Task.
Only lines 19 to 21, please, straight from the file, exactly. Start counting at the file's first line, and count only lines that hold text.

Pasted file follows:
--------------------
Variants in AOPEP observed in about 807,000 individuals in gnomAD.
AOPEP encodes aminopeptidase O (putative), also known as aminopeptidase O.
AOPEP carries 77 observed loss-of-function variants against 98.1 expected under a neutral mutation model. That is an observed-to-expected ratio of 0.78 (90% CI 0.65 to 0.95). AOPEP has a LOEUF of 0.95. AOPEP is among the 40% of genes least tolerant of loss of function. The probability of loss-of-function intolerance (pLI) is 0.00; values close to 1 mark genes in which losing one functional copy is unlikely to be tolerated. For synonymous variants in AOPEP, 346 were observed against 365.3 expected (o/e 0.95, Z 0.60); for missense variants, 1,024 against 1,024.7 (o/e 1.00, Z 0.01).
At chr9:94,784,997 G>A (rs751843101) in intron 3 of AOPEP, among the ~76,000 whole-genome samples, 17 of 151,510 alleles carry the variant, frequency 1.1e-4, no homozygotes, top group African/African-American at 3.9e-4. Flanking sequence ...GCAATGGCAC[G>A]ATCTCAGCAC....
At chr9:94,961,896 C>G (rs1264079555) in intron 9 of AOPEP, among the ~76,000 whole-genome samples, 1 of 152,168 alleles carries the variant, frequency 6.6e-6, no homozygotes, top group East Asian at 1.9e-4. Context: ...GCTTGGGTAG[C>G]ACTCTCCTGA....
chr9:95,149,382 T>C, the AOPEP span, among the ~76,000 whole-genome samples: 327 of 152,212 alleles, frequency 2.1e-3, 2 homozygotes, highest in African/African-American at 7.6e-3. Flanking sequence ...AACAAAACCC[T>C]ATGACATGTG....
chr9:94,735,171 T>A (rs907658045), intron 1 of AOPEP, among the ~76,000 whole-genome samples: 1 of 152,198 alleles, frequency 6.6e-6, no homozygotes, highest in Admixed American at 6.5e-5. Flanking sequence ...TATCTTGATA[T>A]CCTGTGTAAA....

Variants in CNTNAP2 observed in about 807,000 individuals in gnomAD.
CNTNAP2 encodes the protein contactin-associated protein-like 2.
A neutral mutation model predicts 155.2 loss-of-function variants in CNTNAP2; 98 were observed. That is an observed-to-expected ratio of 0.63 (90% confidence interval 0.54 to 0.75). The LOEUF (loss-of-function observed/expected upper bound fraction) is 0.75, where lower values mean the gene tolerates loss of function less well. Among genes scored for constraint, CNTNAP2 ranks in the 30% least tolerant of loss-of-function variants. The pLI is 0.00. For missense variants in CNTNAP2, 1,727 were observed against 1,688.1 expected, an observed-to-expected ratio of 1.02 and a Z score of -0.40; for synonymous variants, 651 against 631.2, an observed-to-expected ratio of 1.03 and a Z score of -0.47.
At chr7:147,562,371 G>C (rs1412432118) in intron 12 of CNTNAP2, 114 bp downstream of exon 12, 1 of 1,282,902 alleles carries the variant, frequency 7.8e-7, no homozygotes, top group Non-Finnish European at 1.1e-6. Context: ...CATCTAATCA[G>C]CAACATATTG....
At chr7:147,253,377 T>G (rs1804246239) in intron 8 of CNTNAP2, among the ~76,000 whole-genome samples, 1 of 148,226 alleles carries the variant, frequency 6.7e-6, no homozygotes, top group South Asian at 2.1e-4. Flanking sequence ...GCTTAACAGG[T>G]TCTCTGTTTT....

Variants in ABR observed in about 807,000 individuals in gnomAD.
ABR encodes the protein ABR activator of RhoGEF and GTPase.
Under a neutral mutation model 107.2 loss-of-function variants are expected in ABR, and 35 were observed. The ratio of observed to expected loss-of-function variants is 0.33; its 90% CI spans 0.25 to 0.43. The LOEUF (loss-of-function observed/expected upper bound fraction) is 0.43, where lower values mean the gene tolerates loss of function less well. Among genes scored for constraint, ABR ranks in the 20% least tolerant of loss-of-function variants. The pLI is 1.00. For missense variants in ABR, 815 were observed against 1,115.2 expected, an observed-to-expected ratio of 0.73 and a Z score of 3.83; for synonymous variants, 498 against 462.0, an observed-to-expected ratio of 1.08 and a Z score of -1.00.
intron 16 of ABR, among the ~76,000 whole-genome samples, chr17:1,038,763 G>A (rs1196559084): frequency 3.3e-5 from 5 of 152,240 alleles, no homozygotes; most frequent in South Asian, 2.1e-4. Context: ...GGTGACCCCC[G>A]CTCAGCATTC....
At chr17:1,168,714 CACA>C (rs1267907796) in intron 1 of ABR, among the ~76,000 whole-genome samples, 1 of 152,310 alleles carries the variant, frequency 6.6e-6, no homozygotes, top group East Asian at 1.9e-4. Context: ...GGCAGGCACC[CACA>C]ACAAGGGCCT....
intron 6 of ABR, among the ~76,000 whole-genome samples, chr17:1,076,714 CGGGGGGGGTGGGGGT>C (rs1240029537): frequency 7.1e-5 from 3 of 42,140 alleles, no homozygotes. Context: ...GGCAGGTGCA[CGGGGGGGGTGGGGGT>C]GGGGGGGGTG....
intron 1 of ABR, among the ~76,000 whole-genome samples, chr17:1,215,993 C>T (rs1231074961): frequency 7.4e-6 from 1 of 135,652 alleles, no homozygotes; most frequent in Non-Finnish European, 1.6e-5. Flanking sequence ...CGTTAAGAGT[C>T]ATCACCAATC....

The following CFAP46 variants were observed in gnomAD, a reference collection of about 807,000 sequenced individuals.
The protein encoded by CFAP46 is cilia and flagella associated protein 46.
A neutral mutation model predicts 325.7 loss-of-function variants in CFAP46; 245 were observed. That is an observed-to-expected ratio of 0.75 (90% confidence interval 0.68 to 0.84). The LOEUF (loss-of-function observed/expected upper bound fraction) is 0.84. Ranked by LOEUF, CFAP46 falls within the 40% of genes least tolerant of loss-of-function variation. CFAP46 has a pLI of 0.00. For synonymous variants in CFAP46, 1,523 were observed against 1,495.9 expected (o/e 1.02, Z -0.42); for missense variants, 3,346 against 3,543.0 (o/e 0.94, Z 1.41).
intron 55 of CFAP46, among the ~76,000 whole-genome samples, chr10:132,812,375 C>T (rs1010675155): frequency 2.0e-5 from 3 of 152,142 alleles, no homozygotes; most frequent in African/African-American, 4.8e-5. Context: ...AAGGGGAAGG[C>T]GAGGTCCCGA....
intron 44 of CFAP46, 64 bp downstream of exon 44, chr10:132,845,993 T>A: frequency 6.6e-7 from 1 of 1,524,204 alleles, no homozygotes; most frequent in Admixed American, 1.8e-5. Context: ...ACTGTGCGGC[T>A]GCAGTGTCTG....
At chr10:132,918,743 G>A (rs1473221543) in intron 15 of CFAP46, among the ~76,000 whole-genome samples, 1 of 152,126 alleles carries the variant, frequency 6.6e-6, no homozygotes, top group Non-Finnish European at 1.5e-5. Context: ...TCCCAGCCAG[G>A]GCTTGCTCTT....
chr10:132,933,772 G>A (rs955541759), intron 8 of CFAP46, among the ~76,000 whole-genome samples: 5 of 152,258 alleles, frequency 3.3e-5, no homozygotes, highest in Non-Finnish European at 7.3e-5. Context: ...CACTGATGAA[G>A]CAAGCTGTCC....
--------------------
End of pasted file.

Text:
intron 1 of ABR, among the ~76,000 whole-genome samples, chr17:1,215,993 C>T (rs1231074961): frequency 7.4e-6 from 1 of 135,652 alleles, no homozygotes; most frequent in Non-Finnish European, 1.6e-5. Flanking sequence ...CGTTAAGAGT[C>T]ATCACCAATC....

The following CFAP46 variants were observed in gnomAD, a reference collection of about 807,000 sequenced individuals.
The protein encoded by CFAP46 is cilia and flagella associated protein 46.